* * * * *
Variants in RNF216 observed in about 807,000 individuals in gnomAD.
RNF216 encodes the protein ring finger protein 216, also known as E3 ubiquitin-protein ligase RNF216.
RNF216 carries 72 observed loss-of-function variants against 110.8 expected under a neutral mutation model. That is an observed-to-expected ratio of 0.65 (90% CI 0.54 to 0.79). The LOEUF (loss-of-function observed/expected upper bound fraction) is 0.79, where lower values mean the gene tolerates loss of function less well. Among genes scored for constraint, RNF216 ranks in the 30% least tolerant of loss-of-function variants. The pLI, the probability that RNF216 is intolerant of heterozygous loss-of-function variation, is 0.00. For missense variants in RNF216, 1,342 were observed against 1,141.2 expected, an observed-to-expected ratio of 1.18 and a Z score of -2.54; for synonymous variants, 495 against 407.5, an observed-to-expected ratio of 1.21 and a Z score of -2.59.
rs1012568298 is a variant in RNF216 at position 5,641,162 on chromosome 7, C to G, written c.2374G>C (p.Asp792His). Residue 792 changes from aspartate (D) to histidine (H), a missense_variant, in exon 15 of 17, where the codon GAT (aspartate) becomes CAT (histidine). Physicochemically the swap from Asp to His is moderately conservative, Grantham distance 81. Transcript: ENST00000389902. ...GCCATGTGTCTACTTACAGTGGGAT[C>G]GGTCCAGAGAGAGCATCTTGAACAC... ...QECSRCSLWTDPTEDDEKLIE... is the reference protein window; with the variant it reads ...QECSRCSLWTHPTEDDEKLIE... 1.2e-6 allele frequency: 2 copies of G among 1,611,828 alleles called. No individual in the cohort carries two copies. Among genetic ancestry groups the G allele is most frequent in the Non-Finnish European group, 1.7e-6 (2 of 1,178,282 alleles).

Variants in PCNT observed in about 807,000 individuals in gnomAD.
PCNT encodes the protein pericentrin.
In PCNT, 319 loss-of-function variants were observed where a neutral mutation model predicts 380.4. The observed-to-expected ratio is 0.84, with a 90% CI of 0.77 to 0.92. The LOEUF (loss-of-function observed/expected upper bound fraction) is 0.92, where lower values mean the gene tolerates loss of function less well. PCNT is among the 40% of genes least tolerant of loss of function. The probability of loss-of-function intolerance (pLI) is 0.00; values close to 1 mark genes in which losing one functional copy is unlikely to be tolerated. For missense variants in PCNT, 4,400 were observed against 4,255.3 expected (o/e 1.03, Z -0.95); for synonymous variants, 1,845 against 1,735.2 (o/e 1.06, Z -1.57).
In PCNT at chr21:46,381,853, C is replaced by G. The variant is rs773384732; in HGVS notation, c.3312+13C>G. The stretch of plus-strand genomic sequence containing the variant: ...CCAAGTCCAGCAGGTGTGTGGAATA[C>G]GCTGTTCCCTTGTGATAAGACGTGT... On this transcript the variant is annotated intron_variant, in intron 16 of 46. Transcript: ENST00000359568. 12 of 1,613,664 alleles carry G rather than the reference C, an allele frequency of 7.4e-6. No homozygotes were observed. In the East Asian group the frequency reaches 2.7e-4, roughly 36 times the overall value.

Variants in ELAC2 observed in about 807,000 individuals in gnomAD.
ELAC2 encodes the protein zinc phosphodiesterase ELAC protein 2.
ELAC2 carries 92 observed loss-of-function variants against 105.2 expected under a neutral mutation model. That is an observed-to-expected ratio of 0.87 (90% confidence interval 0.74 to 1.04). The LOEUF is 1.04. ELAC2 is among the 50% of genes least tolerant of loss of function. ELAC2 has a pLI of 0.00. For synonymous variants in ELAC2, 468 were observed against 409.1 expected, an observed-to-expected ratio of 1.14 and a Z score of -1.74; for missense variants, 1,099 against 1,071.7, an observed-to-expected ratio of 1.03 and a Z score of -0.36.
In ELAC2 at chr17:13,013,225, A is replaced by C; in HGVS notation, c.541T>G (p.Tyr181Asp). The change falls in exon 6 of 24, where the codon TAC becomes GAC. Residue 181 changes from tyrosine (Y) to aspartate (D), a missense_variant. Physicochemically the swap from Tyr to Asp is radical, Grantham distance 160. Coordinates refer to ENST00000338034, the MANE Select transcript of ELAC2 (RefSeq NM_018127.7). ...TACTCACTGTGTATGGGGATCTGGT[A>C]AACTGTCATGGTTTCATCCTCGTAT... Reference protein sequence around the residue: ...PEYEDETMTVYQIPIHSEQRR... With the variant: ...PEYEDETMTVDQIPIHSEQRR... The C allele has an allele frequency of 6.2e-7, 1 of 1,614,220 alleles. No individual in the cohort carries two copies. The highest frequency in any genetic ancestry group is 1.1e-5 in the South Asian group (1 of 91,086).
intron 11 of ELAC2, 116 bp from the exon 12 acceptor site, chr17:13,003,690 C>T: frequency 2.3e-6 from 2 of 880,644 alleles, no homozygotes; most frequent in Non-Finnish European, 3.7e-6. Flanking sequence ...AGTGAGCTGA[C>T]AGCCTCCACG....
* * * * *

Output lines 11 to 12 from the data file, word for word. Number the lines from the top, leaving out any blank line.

ELAC2 carries 92 observed loss-of-function variants against 105.2 expected under a neutral mutation model. That is an observed-to-expected ratio of 0.87 (90% confidence interval 0.74 to 1.04). The LOEUF is 1.04. ELAC2 is among the 50% of genes least tolerant of loss of function. ELAC2 has a pLI of 0.00. For synonymous variants in ELAC2, 468 were observed against 409.1 expected, an observed-to-expected ratio of 1.14 and a Z score of -1.74; for missense variants, 1,099 against 1,071.7, an observed-to-expected ratio of 1.03 and a Z score of -0.36.
In ELAC2 at chr17:13,013,225, A is replaced by C; in HGVS notation, c.541T>G (p.Tyr181Asp). The change falls in exon 6 of 24, where the codon TAC becomes GAC. Residue 181 changes from tyrosine (Y) to aspartate (D), a missense_variant. Physicochemically the swap from Tyr to Asp is radical, Grantham distance 160. Coordinates refer to ENST00000338034, the MANE Select transcript of ELAC2 (RefSeq NM_018127.7). ...TACTCACTGTGTATGGGGATCTGGT[A>C]AACTGTCATGGTTTCATCCTCGTAT... Reference protein sequence around the residue: ...PEYEDETMTVYQIPIHSEQRR... With the variant: ...PEYEDETMTVDQIPIHSEQRR... The C allele has an allele frequency of 6.2e-7, 1 of 1,614,220 alleles. No individual in the cohort carries two copies. The highest frequency in any genetic ancestry group is 1.1e-5 in the South Asian group (1 of 91,086).